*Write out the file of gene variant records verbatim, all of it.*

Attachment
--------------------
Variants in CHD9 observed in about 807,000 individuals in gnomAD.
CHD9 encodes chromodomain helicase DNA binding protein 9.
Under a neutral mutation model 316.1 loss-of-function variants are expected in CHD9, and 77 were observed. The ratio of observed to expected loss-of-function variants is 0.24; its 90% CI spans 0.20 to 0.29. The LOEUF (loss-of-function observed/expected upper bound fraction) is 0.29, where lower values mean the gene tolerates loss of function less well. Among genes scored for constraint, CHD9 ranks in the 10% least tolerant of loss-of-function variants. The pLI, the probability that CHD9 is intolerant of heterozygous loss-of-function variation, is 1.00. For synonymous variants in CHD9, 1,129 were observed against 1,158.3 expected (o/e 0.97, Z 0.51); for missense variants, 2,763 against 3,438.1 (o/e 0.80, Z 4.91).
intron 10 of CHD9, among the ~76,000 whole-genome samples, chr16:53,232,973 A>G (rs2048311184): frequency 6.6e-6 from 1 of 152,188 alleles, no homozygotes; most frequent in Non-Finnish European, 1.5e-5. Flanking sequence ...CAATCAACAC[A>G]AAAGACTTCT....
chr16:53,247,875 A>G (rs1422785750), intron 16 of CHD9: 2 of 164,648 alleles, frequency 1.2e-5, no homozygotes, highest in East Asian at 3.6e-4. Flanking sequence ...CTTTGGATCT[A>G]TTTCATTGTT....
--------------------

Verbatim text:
Variants in CHD9 observed in about 807,000 individuals in gnomAD.
CHD9 encodes chromodomain helicase DNA binding protein 9.
Under a neutral mutation model 316.1 loss-of-function variants are expected in CHD9, and 77 were observed. The ratio of observed to expected loss-of-function variants is 0.24; its 90% CI spans 0.20 to 0.29. The LOEUF (loss-of-function observed/expected upper bound fraction) is 0.29, where lower values mean the gene tolerates loss of function less well. Among genes scored for constraint, CHD9 ranks in the 10% least tolerant of loss-of-function variants. The pLI, the probability that CHD9 is intolerant of heterozygous loss-of-function variation, is 1.00. For synonymous variants in CHD9, 1,129 were observed against 1,158.3 expected (o/e 0.97, Z 0.51); for missense variants, 2,763 against 3,438.1 (o/e 0.80, Z 4.91).
intron 10 of CHD9, among the ~76,000 whole-genome samples, chr16:53,232,973 A>G (rs2048311184): frequency 6.6e-6 from 1 of 152,188 alleles, no homozygotes; most frequent in Non-Finnish European, 1.5e-5. Flanking sequence ...CAATCAACAC[A>G]AAAGACTTCT....
chr16:53,247,875 A>G (rs1422785750), intron 16 of CHD9: 2 of 164,648 alleles, frequency 1.2e-5, no homozygotes, highest in East Asian at 3.6e-4. Flanking sequence ...CTTTGGATCT[A>G]TTTCATTGTT....